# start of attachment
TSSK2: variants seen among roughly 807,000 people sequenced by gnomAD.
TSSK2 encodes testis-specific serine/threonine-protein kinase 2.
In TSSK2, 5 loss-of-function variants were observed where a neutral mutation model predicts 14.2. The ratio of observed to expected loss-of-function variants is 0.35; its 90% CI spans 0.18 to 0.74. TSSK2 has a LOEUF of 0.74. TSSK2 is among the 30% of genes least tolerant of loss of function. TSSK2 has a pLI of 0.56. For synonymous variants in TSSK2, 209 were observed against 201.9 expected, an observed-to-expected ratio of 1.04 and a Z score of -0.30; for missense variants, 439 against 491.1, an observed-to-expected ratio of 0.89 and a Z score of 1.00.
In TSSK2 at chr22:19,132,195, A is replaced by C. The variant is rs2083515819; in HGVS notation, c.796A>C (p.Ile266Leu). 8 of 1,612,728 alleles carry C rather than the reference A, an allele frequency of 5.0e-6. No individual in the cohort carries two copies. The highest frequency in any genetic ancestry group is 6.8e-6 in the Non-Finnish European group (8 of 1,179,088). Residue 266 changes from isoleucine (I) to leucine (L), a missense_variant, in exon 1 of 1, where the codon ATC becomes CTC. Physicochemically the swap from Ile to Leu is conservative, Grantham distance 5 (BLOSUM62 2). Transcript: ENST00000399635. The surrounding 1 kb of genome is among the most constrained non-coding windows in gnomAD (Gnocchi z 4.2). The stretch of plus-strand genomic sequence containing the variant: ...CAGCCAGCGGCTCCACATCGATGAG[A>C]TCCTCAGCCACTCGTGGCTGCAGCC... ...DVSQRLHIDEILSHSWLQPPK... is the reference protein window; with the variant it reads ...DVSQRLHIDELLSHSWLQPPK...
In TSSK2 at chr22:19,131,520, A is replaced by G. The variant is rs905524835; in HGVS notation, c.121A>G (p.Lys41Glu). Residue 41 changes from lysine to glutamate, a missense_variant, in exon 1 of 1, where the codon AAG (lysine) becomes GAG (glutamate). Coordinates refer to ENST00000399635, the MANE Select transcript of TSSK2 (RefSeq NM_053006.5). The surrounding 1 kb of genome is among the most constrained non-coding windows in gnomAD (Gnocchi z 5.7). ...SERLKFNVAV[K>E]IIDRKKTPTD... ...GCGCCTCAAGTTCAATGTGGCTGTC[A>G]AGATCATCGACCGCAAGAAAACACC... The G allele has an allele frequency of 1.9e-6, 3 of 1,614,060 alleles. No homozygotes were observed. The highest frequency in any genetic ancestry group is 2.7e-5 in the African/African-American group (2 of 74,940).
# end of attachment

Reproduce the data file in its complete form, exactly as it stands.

TSSK2: variants seen among roughly 807,000 people sequenced by gnomAD.
TSSK2 encodes testis-specific serine/threonine-protein kinase 2.
In TSSK2, 5 loss-of-function variants were observed where a neutral mutation model predicts 14.2. The ratio of observed to expected loss-of-function variants is 0.35; its 90% CI spans 0.18 to 0.74. TSSK2 has a LOEUF of 0.74. TSSK2 is among the 30% of genes least tolerant of loss of function. TSSK2 has a pLI of 0.56. For synonymous variants in TSSK2, 209 were observed against 201.9 expected, an observed-to-expected ratio of 1.04 and a Z score of -0.30; for missense variants, 439 against 491.1, an observed-to-expected ratio of 0.89 and a Z score of 1.00.
In TSSK2 at chr22:19,132,195, A is replaced by C. The variant is rs2083515819; in HGVS notation, c.796A>C (p.Ile266Leu). 8 of 1,612,728 alleles carry C rather than the reference A, an allele frequency of 5.0e-6. No individual in the cohort carries two copies. The highest frequency in any genetic ancestry group is 6.8e-6 in the Non-Finnish European group (8 of 1,179,088). Residue 266 changes from isoleucine (I) to leucine (L), a missense_variant, in exon 1 of 1, where the codon ATC becomes CTC. Physicochemically the swap from Ile to Leu is conservative, Grantham distance 5 (BLOSUM62 2). Transcript: ENST00000399635. The surrounding 1 kb of genome is among the most constrained non-coding windows in gnomAD (Gnocchi z 4.2). The stretch of plus-strand genomic sequence containing the variant: ...CAGCCAGCGGCTCCACATCGATGAG[A>C]TCCTCAGCCACTCGTGGCTGCAGCC... ...DVSQRLHIDEILSHSWLQPPK... is the reference protein window; with the variant it reads ...DVSQRLHIDELLSHSWLQPPK...
In TSSK2 at chr22:19,131,520, A is replaced by G. The variant is rs905524835; in HGVS notation, c.121A>G (p.Lys41Glu). Residue 41 changes from lysine to glutamate, a missense_variant, in exon 1 of 1, where the codon AAG (lysine) becomes GAG (glutamate). Coordinates refer to ENST00000399635, the MANE Select transcript of TSSK2 (RefSeq NM_053006.5). The surrounding 1 kb of genome is among the most constrained non-coding windows in gnomAD (Gnocchi z 5.7). ...SERLKFNVAV[K>E]IIDRKKTPTD... ...GCGCCTCAAGTTCAATGTGGCTGTC[A>G]AGATCATCGACCGCAAGAAAACACC... The G allele has an allele frequency of 1.9e-6, 3 of 1,614,060 alleles. No homozygotes were observed. The highest frequency in any genetic ancestry group is 2.7e-5 in the African/African-American group (2 of 74,940).